A new study reveals the growing toll the opioid crisis is taking on Ontario’s emergency departments and paramedic services, and should serve as a “wake-up call” to policymakers, the report’s author says.
Patients presenting to emergency departments due to opioid use more than doubled between 2009 and 2019, said lead researcher Ryan Strum, a doctoral candidate at McMaster University.
But it was paramedics who experienced the biggest increase in demand for service, Strum found. The number of patients transported to hospitals due to opioid use quadrupled during that decade.
“This research really underscores the need to increase our support and resources for these patients who are struggling,” Strum said.
The Hamilton, Niagara, Haldimand and Brant region was one of the “major centers” that saw a staggering increase in people needing help due to opioid use, he said.
Paramedic transports increased sevenfold, from 217 to more than 1,600, and emergency department visits quadrupled from 500 to more than 2,200.
Exactly why these municipalities experienced increased demand is unknown, but it could be that there are more people using opioids like fentanyl and the even more potent carfentanil compared to other areas, Strum said. For example, Hamilton had the third-highest opioid-related death rate in Ontario and the highest rate in southern Ontario, according to 2018 city data.
McMaster’s study is the first of its kind in Canada to look not only at people who enter the health care system for opioid overdoses and deaths, but also for withdrawal and dependence symptoms, and related mental health disorders, such as psychosis, Strum said.
The peer-reviewed study It was published on September 8 with the Public Science Library’s magazine, Plos One.
The study also shows that the majority of patients who went to emergency departments were not admitted to the hospital, but were discharged. That indicates they could receive effective treatment and help through community programs that, with more funding, could ease the burden on emergency services, Strum said.
In the coming months it will publish the same data from more recent years and everything indicates that the results will be even more surprising, since the opioid crisis has only worsened, he said. He calls on policymakers to act “sooner rather than later.”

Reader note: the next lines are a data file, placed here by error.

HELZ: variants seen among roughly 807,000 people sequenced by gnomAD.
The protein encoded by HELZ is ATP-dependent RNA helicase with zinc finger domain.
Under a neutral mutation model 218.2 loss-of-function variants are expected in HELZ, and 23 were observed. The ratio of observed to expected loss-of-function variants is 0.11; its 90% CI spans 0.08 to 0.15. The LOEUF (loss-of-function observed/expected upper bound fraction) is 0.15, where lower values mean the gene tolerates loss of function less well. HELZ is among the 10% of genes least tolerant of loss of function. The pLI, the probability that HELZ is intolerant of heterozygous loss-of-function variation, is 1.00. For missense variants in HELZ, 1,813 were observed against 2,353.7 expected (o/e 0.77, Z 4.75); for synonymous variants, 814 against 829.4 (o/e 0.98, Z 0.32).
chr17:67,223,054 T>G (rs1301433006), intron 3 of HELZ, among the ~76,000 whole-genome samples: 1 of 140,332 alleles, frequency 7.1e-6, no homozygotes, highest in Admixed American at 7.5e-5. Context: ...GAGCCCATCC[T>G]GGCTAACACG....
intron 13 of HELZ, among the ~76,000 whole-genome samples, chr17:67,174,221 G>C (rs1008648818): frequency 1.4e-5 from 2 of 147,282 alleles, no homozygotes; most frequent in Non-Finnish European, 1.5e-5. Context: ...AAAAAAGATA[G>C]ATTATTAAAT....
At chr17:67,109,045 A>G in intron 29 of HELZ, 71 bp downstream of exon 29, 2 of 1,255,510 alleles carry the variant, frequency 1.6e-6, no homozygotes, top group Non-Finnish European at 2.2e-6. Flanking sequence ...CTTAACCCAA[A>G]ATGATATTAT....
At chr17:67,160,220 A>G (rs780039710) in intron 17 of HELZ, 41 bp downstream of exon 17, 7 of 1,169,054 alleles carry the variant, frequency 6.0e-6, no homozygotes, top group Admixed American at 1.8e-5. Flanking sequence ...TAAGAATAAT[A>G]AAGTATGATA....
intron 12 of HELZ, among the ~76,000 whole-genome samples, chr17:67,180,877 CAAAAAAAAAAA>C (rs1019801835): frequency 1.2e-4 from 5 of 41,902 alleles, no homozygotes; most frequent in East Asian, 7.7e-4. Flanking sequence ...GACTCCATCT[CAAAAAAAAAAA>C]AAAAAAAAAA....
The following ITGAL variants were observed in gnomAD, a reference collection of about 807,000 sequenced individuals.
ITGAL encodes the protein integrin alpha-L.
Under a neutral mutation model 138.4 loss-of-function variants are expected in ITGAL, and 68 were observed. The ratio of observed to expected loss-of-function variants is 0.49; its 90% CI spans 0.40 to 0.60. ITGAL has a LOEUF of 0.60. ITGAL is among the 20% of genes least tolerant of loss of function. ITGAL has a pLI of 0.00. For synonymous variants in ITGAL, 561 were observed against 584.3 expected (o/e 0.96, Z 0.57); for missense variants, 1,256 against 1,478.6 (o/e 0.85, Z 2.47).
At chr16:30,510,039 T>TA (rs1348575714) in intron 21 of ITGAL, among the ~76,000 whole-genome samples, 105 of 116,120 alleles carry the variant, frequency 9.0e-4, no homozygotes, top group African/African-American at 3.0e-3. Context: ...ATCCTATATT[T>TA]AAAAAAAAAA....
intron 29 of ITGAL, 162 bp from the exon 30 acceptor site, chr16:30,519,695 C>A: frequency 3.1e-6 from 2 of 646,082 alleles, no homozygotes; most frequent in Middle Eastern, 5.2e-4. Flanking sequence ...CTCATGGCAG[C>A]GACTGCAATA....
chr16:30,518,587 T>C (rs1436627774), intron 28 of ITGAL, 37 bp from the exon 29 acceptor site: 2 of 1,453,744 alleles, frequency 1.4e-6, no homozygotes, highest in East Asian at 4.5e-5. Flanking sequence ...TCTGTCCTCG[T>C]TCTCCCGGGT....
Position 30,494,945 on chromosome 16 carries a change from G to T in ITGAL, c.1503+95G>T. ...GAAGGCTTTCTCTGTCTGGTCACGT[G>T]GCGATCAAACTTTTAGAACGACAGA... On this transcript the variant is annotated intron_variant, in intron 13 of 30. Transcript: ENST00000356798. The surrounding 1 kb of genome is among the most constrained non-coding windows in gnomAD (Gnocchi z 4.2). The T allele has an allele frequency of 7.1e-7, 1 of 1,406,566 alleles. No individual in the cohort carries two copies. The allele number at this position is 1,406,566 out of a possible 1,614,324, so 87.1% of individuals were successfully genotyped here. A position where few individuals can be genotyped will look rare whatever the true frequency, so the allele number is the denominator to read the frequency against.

“We’ve known about the opioid crisis for almost two decades,” he said.
“So we have a surplus of data. We have many experts in the field who specialize in how to treat and manage these patients. I think we really need to bring all of these resources together and come up with tangible solutions.”
Minister announces funding to support Hamilton
According to recent city data, Hamilton has seen an increase in Opioid-related overdoses and deaths since 2018, which led him to declare a state of emergency at the beginning of this year.
On Monday, the federal government announced $1.8 million for local substance use projects at the St. Joseph Mental Health Campus. The money is not new, but was promised in the 2022 federal budget.
Minister Ya’ara Saks, who oversees mental health and addictions, said the funds will be divided between the city for further harm reduction outreach and peer support workers, the AIDS Network to bolster its current delivery program safer, and St. Joseph’s to improve the health of patients. treatment, diagnosis and care.
“We know that people who use substances need a more comprehensive range of services and supports,” Saks said at a news conference. “Whether it’s prevention to harm reduction, treatment and recovery, we all need to be there.”
These types of announcements do little to help the city address the many crises it faces, including opioids, homelessness, mental health and affordable housing, Hamilton Coun said. Cameron Kroetsch (District 2), whose downtown pavilion houses a major hospital’s emergency department and safer-use spaces.
Hamilton needs “enormous amounts of funding” from the provincial and federal governments to take “serious, bold action today,” he said.
“Upper levels of government spend too much time thinking about re-election cycles than addressing problems,” Kroetsch said.
“Meanwhile, every day we fall further and further behind.”